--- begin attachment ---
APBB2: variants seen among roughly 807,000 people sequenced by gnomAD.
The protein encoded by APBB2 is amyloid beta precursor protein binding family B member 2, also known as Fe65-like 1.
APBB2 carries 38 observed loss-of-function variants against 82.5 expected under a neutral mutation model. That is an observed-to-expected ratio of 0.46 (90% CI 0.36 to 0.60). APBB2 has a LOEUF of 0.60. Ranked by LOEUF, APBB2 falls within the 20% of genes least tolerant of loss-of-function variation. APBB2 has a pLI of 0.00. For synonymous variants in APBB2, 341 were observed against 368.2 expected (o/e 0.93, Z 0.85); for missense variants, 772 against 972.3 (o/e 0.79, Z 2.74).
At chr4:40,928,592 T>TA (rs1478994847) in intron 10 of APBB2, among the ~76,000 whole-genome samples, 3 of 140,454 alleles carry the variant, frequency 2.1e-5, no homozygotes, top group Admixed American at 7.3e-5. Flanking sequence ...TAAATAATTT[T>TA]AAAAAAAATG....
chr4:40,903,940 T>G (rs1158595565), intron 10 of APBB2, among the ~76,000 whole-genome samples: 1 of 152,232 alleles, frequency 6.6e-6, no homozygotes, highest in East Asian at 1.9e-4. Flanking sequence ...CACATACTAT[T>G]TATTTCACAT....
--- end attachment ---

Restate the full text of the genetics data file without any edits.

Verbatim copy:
APBB2: variants seen among roughly 807,000 people sequenced by gnomAD.
The protein encoded by APBB2 is amyloid beta precursor protein binding family B member 2, also known as Fe65-like 1.
APBB2 carries 38 observed loss-of-function variants against 82.5 expected under a neutral mutation model. That is an observed-to-expected ratio of 0.46 (90% CI 0.36 to 0.60). APBB2 has a LOEUF of 0.60. Ranked by LOEUF, APBB2 falls within the 20% of genes least tolerant of loss-of-function variation. APBB2 has a pLI of 0.00. For synonymous variants in APBB2, 341 were observed against 368.2 expected (o/e 0.93, Z 0.85); for missense variants, 772 against 972.3 (o/e 0.79, Z 2.74).
At chr4:40,928,592 T>TA (rs1478994847) in intron 10 of APBB2, among the ~76,000 whole-genome samples, 3 of 140,454 alleles carry the variant, frequency 2.1e-5, no homozygotes, top group Admixed American at 7.3e-5. Flanking sequence ...TAAATAATTT[T>TA]AAAAAAAATG....
chr4:40,903,940 T>G (rs1158595565), intron 10 of APBB2, among the ~76,000 whole-genome samples: 1 of 152,232 alleles, frequency 6.6e-6, no homozygotes, highest in East Asian at 1.9e-4. Flanking sequence ...CACATACTAT[T>G]TATTTCACAT....